The IBM eServer system's built-in service processor is designed to monitor system operation and take preventive or corrective action A corrective action is a change implemented to address a weakness identified in a management system. Normally corrective actions are instigated in response to a customer complaint, abnormal levels if internal nonconformity, nonconformities identified during an internal audit or . Dynamic Processor Deallocation, working with AIX, can automatically reassign tasks from a potentially failing processor so applications continue to run.
The system also features Chipkill technology derived from IBM's mainframes. Chipkill is designed to virtually eliminate memory-based system failures, one of the most frequent causes of server downtime. Chipkill is estimated to be 100 times more effective than the Error Checking and Correction (ECC (1) (Error-Correcting Code) A type of memory that corrects errors on the fly. See ECC memory.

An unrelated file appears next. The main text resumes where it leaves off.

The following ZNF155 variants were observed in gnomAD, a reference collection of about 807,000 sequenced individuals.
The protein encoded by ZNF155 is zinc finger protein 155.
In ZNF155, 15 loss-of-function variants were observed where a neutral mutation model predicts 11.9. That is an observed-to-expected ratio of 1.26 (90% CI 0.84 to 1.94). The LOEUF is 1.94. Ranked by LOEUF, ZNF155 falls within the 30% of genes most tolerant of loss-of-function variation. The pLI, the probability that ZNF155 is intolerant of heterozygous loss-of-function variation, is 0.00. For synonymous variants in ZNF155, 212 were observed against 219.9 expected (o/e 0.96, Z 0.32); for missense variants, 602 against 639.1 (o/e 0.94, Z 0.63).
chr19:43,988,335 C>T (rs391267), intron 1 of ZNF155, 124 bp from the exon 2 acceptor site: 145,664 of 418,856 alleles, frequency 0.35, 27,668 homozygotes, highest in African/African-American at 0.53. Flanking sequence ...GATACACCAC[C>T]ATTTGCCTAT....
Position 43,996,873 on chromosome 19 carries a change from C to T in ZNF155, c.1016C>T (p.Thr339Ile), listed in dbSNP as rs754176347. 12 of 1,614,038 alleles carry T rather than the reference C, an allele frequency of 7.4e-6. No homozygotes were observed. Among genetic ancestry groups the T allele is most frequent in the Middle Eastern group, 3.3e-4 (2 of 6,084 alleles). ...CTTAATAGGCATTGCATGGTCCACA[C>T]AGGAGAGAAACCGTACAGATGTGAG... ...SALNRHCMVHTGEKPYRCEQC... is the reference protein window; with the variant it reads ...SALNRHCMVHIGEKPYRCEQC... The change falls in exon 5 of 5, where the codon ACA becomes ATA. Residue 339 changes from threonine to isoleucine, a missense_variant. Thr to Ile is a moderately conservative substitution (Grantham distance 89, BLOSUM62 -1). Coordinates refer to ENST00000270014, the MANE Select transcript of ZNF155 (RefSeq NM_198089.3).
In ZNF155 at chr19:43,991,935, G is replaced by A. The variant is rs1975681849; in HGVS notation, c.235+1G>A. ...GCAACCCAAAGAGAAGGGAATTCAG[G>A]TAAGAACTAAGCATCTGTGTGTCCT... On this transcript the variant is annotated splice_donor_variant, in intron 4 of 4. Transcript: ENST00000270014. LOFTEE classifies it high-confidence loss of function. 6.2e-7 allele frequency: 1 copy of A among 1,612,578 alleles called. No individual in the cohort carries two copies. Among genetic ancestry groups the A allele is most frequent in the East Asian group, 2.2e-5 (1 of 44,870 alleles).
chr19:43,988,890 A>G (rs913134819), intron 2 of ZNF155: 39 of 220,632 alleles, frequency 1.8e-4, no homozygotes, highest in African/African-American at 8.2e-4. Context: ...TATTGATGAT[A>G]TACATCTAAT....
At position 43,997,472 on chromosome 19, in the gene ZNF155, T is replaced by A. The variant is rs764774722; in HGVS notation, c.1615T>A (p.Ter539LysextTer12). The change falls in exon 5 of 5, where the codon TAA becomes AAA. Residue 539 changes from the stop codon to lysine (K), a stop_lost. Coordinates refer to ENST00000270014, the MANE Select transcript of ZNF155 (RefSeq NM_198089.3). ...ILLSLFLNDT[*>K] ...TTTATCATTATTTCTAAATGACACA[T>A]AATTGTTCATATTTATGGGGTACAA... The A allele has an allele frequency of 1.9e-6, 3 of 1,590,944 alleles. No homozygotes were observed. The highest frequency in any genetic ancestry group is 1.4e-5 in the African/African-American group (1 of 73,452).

(2) (Elliptic Curve Cryptography) A public key cryptography method that provides fast decryption and digital signature processing. ) technology implemented by most server vendors. If a memory error does occur, Chipkill is designed to automatically and gracefully take the inoperative Void; not active; ineffectual.
The term inoperative is commonly used to indicate that some force, such as a statute or contract, is no longer in effect and legally binding upon the persons who were to be, or had been, affected by it. memory chip off-line while the server keeps running.
The IBM eServer system's rugged design meets the rigid Network Equipment Building System NEBS Level 3 Standards -- the most stringent level of disaster resistant certification in the telecommunications industry. The server is able to stand up to harsh environments including earthquakes, high temperatures and high humidity, making it an excellent choice for telecommunications central office operations.
The IBM eServer p660 runs IBM's AIX 5L operating system. AIX 5L offers the scalability, performance, reliability and security needed to accommodate demanding e-business workloads. AIX features a strong affinity with Linux allowing pSeries customers to build and run many popular Linux applications on AIX.